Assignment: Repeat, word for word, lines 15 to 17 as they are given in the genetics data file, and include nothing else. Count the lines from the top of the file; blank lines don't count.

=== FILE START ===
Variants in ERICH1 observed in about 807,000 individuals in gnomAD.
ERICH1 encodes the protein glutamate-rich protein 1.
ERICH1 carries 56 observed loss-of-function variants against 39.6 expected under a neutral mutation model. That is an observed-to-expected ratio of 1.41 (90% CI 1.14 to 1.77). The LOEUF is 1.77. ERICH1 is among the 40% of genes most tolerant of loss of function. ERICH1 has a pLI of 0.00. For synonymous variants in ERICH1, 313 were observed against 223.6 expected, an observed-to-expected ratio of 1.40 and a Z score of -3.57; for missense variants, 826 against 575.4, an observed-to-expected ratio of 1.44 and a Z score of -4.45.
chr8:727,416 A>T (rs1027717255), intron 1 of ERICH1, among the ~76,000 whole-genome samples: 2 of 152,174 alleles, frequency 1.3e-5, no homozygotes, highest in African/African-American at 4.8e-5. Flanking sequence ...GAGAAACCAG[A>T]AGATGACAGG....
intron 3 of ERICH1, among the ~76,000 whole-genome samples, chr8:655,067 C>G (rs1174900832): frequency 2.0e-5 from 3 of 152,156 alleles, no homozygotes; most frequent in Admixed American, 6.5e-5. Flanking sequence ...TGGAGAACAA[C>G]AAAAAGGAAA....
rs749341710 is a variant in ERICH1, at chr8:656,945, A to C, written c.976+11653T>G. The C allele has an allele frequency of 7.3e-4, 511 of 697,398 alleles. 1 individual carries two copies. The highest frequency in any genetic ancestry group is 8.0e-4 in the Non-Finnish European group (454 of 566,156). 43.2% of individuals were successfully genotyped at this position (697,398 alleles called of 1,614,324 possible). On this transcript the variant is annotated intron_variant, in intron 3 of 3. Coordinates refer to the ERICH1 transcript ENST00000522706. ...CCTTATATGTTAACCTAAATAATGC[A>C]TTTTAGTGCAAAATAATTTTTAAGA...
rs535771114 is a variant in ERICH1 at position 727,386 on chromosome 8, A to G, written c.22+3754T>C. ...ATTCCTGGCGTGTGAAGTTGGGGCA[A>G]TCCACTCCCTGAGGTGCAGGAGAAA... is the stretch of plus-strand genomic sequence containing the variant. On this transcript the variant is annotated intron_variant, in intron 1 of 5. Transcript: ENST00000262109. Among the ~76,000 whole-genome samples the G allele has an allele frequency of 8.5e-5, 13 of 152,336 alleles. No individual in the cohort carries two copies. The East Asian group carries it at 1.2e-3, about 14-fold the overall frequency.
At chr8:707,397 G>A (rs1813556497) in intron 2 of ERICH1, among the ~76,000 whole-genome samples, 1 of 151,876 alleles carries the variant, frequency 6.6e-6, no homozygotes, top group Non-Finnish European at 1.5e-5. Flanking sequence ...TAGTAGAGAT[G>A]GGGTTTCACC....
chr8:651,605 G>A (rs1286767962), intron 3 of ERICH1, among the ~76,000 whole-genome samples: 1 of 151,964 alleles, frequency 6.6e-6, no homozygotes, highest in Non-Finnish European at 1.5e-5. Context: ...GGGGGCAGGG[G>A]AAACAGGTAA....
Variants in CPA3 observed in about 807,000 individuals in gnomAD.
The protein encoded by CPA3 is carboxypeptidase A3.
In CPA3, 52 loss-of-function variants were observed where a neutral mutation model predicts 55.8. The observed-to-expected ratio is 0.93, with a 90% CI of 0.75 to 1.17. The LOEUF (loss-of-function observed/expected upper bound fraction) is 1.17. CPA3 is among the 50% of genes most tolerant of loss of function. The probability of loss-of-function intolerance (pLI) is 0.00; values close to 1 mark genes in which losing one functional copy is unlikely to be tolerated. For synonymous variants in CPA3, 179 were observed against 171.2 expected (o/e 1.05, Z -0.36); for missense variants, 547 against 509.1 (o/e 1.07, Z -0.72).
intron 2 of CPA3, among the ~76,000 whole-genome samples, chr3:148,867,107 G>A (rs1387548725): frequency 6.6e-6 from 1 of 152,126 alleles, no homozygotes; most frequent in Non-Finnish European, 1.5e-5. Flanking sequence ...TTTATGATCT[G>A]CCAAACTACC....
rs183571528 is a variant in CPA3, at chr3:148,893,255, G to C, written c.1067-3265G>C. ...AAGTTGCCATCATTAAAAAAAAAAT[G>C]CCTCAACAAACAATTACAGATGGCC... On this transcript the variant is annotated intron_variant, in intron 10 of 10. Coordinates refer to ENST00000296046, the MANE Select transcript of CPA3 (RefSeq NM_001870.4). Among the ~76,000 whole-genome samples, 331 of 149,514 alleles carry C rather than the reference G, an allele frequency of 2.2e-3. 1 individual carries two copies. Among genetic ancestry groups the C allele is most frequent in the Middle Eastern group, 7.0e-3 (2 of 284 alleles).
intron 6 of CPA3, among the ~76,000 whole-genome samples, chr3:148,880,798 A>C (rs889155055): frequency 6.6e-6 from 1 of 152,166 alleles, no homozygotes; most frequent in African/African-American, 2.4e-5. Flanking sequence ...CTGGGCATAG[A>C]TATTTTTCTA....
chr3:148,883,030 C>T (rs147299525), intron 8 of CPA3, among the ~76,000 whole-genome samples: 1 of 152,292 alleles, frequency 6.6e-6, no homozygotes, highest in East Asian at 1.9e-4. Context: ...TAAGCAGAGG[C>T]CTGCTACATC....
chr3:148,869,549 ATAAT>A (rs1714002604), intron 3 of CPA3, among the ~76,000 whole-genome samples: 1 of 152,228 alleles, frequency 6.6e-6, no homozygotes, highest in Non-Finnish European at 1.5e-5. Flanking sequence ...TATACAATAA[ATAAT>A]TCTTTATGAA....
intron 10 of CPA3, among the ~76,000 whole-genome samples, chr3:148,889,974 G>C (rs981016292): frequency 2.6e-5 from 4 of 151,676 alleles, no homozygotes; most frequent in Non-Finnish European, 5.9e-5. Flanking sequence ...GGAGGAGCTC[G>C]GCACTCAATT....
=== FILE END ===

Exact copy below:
intron 6 of CPA3, among the ~76,000 whole-genome samples, chr3:148,880,798 A>C (rs889155055): frequency 6.6e-6 from 1 of 152,166 alleles, no homozygotes; most frequent in African/African-American, 2.4e-5. Flanking sequence ...CTGGGCATAG[A>C]TATTTTTCTA....
chr3:148,883,030 C>T (rs147299525), intron 8 of CPA3, among the ~76,000 whole-genome samples: 1 of 152,292 alleles, frequency 6.6e-6, no homozygotes, highest in East Asian at 1.9e-4. Context: ...TAAGCAGAGG[C>T]CTGCTACATC....
chr3:148,869,549 ATAAT>A (rs1714002604), intron 3 of CPA3, among the ~76,000 whole-genome samples: 1 of 152,228 alleles, frequency 6.6e-6, no homozygotes, highest in Non-Finnish European at 1.5e-5. Flanking sequence ...TATACAATAA[ATAAT>A]TCTTTATGAA....